The Charlotte Hornets and Los Angeles Clippers swapped spots at Nos. 11 and 12, with the Clippers moving up one place to lock up Kentucky point guard Shai Gilgeous-Alexander.

The Hornets got Michigan State forward Miles Bridges and two future second-round picks. The Clippers added a second new backcourt piece at No. 13, choosing Boston College shooting guard Jerome Robinson, before the Denver Nuggets completed the lottery by ending the slide of Missouri forward Michael Porter Jr.

Sidelined almost all of last season due to a back injury, Porter insisted the Nuggets will not regret making the selection. "I'm going to make sure this pick was the best this organisation has ever made," he boasted minutes after his long wait had ended.

"I'm just happy to be with a team that believes in me. I'm a winner, and I'm going to help this team win."

Like the Clippers, the Hawks completed what could be their backcourt of the future with the selection of sharpshooting Maryland guard Kevin Huerter at No. 19 to couple with new point guard Young.

The Huerter pick followed the selections of Oregon shooting guard Troy Brown by the Washington Wizards at No. 15, Smith by Phoenix (and dealt to Philadelphia) at No. 16, Villanova shooting guard Donte DiVincenzo by the Milwaukee Bucks at No. 17, and Miami shooting guard Lonnie Walker IV by the San Antonio Spurs at 18th.

Minnesota wrapped up the top 20 with the selection of Georgia Tech shooting guard Josh Okogie. The final 10 picks of the first round included a third selection from Duke (shooting guard Grayson Allen by the Utah Jazz at No. 21), the initial picks of the Eastern Conference finalists Boston Celtics (Texas A&M centre Robert Williams at No. 27) and the NBA champion Golden State Warriors (Cincinnati shooting guard Jacob Evans at No. 28), and a third member of Villanova's championship team (power forward Omari Spellman by Atlanta at No. 30).

Also selected in the bottom third of the first round were: Boise State forward Chandler Hutchison (22nd by Chicago), University of California Los Angeles point guard Aaron Holiday (23rd by the Indiana Pacers), IMG Academy point guard Anfernee Simons (24th by the Portland Trail Blazers), Michigan centre Moritz Wagner (25th by the Los Angeles Lakers), Wichita State guard Landry Shamet (26th by Philadelphia), and Bosnia & Herzegovina forward Dzanan Musa (29th by Brooklyn).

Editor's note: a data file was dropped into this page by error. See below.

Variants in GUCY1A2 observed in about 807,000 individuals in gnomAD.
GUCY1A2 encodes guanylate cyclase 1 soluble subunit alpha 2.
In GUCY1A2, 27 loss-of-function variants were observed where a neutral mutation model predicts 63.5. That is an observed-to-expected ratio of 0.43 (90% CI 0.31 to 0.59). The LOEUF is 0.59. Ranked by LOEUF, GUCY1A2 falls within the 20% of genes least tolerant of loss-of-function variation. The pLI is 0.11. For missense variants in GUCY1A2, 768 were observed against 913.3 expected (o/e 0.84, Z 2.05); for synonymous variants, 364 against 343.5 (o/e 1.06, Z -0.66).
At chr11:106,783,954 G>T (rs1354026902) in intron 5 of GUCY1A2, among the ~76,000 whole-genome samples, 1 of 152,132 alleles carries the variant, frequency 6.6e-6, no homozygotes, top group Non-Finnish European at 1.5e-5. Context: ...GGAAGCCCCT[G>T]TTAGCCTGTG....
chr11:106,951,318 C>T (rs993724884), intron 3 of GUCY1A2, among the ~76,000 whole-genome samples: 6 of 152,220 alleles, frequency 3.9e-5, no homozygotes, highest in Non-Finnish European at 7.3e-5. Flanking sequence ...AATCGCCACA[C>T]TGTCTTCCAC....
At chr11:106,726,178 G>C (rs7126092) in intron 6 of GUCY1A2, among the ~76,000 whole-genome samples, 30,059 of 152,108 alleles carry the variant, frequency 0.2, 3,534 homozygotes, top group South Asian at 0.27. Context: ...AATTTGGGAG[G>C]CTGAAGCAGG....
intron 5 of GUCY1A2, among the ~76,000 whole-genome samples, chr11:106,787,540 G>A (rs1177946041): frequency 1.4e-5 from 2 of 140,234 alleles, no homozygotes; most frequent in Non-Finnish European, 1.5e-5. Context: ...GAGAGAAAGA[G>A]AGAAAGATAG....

The second round featured fourth selections from Villanova (point guard Jalen Brunson to Dallas at No. 33) and Duke (shooting guard Gary Trent Jr. to Sacramento at No. 37), as well as third and fourth picks from Kentucky (forward Jarred Vanderbilt to Orlando at No. 41 and shooting guard Hamidou Diallo to Brooklyn at No. 45).

Trent, Vanderbilt and Diallo, in turn, were involved in three of the five trades made during the second round, with Trent going to Portland for two future second-round picks, Vanderbilt headed to Denver for Maryland forward Justin Jackson, selected 43rd, and a future second-rounder, and Diallo moving on to Charlotte for a future second-rounder.

Also working deals were Atlanta and Charlotte, with the Hornets receiving Kansas point guard Devonte' Graham, the No. 34 pick, in exchange for two future second-round picks, and Philadelphia and Detroit, with the Pistons getting Creighton shooting guard Khyri Thomas, the No. 38 pick, for two future second-rounders.

The 76ers turned out the lights on the evening with a popular selection: Dayton forward Kostas Antetokounmpo, brother of Milwaukee star Giannis, with the 60th and final pick.